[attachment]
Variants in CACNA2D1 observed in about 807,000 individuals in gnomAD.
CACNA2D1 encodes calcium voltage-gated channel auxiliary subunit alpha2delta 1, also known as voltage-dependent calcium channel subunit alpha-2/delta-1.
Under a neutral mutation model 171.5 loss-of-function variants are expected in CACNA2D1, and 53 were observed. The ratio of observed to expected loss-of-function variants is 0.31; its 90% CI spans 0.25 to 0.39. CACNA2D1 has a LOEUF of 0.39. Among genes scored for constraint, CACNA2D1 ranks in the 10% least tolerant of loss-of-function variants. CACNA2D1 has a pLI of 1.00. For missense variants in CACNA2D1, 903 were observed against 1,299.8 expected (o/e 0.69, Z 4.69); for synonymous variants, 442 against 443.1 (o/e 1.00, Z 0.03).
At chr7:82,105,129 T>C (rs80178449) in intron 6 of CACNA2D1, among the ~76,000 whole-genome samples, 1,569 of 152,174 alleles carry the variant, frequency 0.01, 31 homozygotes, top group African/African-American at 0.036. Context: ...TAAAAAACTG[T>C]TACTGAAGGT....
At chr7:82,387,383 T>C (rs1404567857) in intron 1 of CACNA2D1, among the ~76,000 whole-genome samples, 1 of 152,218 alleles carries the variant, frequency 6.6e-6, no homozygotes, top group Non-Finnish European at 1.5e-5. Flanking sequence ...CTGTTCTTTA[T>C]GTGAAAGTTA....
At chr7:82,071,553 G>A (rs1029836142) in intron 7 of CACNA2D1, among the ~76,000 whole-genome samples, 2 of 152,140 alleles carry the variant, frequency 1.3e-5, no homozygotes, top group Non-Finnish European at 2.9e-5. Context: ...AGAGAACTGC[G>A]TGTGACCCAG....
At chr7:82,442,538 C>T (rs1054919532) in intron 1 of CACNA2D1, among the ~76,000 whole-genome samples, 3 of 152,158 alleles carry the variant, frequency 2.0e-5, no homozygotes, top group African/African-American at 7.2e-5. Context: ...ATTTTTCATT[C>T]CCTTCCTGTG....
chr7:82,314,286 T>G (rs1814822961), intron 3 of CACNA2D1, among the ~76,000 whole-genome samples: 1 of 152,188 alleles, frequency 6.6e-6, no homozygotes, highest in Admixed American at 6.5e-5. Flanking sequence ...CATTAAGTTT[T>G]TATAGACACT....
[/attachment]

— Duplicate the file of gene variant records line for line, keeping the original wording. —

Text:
Variants in CACNA2D1 observed in about 807,000 individuals in gnomAD.
CACNA2D1 encodes calcium voltage-gated channel auxiliary subunit alpha2delta 1, also known as voltage-dependent calcium channel subunit alpha-2/delta-1.
Under a neutral mutation model 171.5 loss-of-function variants are expected in CACNA2D1, and 53 were observed. The ratio of observed to expected loss-of-function variants is 0.31; its 90% CI spans 0.25 to 0.39. CACNA2D1 has a LOEUF of 0.39. Among genes scored for constraint, CACNA2D1 ranks in the 10% least tolerant of loss-of-function variants. CACNA2D1 has a pLI of 1.00. For missense variants in CACNA2D1, 903 were observed against 1,299.8 expected (o/e 0.69, Z 4.69); for synonymous variants, 442 against 443.1 (o/e 1.00, Z 0.03).
At chr7:82,105,129 T>C (rs80178449) in intron 6 of CACNA2D1, among the ~76,000 whole-genome samples, 1,569 of 152,174 alleles carry the variant, frequency 0.01, 31 homozygotes, top group African/African-American at 0.036. Context: ...TAAAAAACTG[T>C]TACTGAAGGT....
At chr7:82,387,383 T>C (rs1404567857) in intron 1 of CACNA2D1, among the ~76,000 whole-genome samples, 1 of 152,218 alleles carries the variant, frequency 6.6e-6, no homozygotes, top group Non-Finnish European at 1.5e-5. Flanking sequence ...CTGTTCTTTA[T>C]GTGAAAGTTA....
At chr7:82,071,553 G>A (rs1029836142) in intron 7 of CACNA2D1, among the ~76,000 whole-genome samples, 2 of 152,140 alleles carry the variant, frequency 1.3e-5, no homozygotes, top group Non-Finnish European at 2.9e-5. Context: ...AGAGAACTGC[G>A]TGTGACCCAG....
At chr7:82,442,538 C>T (rs1054919532) in intron 1 of CACNA2D1, among the ~76,000 whole-genome samples, 3 of 152,158 alleles carry the variant, frequency 2.0e-5, no homozygotes, top group African/African-American at 7.2e-5. Context: ...ATTTTTCATT[C>T]CCTTCCTGTG....
chr7:82,314,286 T>G (rs1814822961), intron 3 of CACNA2D1, among the ~76,000 whole-genome samples: 1 of 152,188 alleles, frequency 6.6e-6, no homozygotes, highest in Admixed American at 6.5e-5. Flanking sequence ...CATTAAGTTT[T>G]TATAGACACT....